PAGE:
Belarusian Television's comment on the diplomatic scandal linked Krivohlavy's behavior in Minsk with the activities of the Czech Foreign Ministry's Department for the Struggle Against Undemocratic and Totalitarian Regimes, which supports the Belarusian democratic opposition, and the Prague-based committee For a Free Belarus, which includes former Czech President Vaclav Havel among other Czech political figures. "You'll certainly agree that our neighbors' understanding of democracy is peculiar: intoxication of youths, debauchery, and pornography," Belarusian Television commented on "Panarama" on 21 January. "Do they have the moral right -- they who are spreading the worst, vile predilections in our country -- to teach us how to live?"
According to Belarusian Television, to Western sponsors of democracy in Belarus -- including Czech diplomats -- freedom and permissiveness are one and the same. "After the [2004 parliamentary] election and referendum, the opposition, coordinated from abroad, tried to organize mass disturbances in the streets," Belarusian Television commented. "They called on juveniles to take [to the streets], promising them free beer and strong alcoholic beverages."
The network stressed the particular role of Czech politicians and diplomats in their contacts with the Belarusian opposition. Specifically, Belarusian Television said that Czech parliamentary deputy Svatopluk Karasek read a message signed by Havel to a "raging crowd," presumably in Minsk. The network also recalled that former Czech Ambassador to Belarus Ales Fojtik held numerous meetings and consultations with Belarusian opposition leaders at both at their party headquarters and the embassy.
"Why has the Czech diplomatic mission [in Minsk] engaged in such an activity?" Belarusian Television asked, immediately answering: "The point is that Washington and Brussels want to do the dirty work with the hands of their satellites in Eastern Europe, in order to hide their involvement in destabilizing the situation in Belarus." And the network had one more jab for the Czech Republic: "By performing the role of a disseminator of democratic ideas [and] searching out petty incidents of human rights violations, the Czech leadership is trying to force alien principles and standards of social and political life upon Belarusian society."
Belarusian President Alyaksandr Lukashenka has had good reasons to turn the current diplomatic row between Minsk and Prague into a wider opportunity for lashing Prague before his compatriots. He has surely not forgotten that one of the greatest international snubs in his 10-year presidential career came when the Czech Republic denied him a visa for a NATO summit in Prague on 21-22 November 2002. Then-Czech President Havel uttered a memorable phrase on the occasion, saying that the visa denial was not intended to offend Belarus but was "an expression of aversion toward the authoritarian manner of rule represented by Alyaksandr Lukashenka." Since that time, the Czech Embassy in Minsk and the Belarusian Embassy in Prague have been headed by charges d'affaires, not full-fledged ambassadors.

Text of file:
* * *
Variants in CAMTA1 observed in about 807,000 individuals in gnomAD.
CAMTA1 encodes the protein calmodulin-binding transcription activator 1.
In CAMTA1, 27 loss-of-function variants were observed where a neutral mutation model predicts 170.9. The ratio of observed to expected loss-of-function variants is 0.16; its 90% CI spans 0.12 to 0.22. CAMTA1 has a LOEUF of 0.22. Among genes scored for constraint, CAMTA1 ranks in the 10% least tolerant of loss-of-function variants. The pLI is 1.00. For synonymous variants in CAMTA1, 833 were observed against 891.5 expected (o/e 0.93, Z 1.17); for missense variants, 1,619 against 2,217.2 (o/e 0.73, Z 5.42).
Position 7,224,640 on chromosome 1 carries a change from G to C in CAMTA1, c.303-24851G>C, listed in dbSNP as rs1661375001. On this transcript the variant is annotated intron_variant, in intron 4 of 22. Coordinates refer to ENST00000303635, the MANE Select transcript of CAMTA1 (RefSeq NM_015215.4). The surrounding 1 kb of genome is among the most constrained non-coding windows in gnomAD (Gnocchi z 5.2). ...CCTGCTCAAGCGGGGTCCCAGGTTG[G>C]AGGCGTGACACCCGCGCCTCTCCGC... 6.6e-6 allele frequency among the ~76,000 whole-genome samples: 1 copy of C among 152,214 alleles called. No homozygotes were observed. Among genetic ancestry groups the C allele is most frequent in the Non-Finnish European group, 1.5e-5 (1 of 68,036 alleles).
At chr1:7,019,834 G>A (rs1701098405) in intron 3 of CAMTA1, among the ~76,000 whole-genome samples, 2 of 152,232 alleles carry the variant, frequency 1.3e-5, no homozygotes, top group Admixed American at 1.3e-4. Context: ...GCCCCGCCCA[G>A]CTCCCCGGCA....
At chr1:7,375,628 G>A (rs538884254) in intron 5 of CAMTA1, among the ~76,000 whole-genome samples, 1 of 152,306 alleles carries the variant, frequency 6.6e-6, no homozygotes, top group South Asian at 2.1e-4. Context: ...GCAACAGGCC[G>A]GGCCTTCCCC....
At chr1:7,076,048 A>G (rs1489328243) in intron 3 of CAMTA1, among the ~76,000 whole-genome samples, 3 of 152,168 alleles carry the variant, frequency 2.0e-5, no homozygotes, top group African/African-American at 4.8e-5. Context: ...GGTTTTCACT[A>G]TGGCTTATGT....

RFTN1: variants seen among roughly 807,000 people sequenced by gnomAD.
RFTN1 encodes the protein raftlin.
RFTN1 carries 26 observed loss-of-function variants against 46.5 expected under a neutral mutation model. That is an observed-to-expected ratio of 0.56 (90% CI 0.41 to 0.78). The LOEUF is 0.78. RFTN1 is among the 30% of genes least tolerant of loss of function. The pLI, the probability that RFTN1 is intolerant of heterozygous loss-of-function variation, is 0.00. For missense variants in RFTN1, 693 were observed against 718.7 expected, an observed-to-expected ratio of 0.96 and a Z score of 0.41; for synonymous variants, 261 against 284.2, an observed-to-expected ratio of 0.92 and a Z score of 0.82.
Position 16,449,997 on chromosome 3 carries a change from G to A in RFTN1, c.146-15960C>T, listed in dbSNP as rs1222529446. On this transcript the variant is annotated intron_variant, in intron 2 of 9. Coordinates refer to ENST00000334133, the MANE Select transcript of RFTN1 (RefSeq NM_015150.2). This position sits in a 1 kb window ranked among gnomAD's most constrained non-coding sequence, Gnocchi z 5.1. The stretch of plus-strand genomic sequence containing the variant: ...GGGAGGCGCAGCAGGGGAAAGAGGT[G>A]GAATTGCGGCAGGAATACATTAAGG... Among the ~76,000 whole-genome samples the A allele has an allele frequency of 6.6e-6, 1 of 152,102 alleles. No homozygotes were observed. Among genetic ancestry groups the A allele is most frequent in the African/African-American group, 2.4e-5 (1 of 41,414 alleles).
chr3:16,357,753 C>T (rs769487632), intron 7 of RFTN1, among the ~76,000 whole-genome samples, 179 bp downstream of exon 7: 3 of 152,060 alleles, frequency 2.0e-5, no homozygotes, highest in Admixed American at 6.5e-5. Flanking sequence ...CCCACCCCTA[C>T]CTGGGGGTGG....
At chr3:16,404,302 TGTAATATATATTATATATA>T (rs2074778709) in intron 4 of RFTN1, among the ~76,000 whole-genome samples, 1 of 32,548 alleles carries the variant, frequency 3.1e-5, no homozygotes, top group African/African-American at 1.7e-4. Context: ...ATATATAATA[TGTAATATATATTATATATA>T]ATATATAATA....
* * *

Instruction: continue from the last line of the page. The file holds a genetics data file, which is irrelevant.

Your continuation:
The 21 January Belarusian Television feature on the Czech authorities' allegedly sinister exploits in Belarus appears to be part of a media campaign "to reveal the true face of the West to Belarusians," as requested by Lukashenka shortly prior to the 17 October 2004 referendum that cleared the path for him to serve as president for life. "[Show to our people] how they [the West] try to make prostitutes out of our girls, what they do here, how they feed our citizens with narcotics, how they spread homosexuality in Belarus," Lukashenka said during a televised meeting of the Security Council on 28 September. "Begin with Germany, the wisest and the best."
And indeed, before reporting on the current scandal involving the Czech diplomat, Belarusian Television aired a program about a German diplomat who, according to "Panarama," "amused himself with cocaine and drew Belarusian youths into using narcotics." The network also mentioned two U.S. diplomats, one of whom was reportedly involved in "a destructive sect" while another spent his free time in the "company of juvenile prostitutes."
Belarusian Television saved its best metaphor for the end of the 21 January "Panorama" report when it compared modern-day Belarus, which has been independent for just 14 years, to an adolescent the West is attempting to corrupt by plying it with such "democratic values" as drinking, sexual permissiveness, and pornography. The network's metaphor apparently tried to match and resonate with comments made by President Lukashenka in a 7 September speech in which he announced a referendum on prolonging his rule. "All these years [of my presidency] I have been carrying cautiously and with trepidation this bright crystalline vessel named Belarus in my hands before me," Lukashenka said in September. "I am carrying it, fearing to let it fall, because it is so fragile and vulnerable. You will surely agree with me that we would not like this purity and beauty created by us to fall into the hands of an irresponsible, casual politician."
Czech Foreign Minister Cyril Svoboda said on 24 January that the reason given by Minsk for expelling Krivohlavy is not valid. Krivohlavy also denied any wrongdoing. "I have done nothing like this and I have never been notified of any accusation. My conscience is absolutely clean," CTK quoted Krivohlavy as saying. "Propaganda and the [Belarusian] KGB are capable of doing anything." Krivohlavy admitted that the secretly taped footage showing him with people in a restaurant was genuine, but added that none of his companions was so young as to justify any question of him breaking any laws.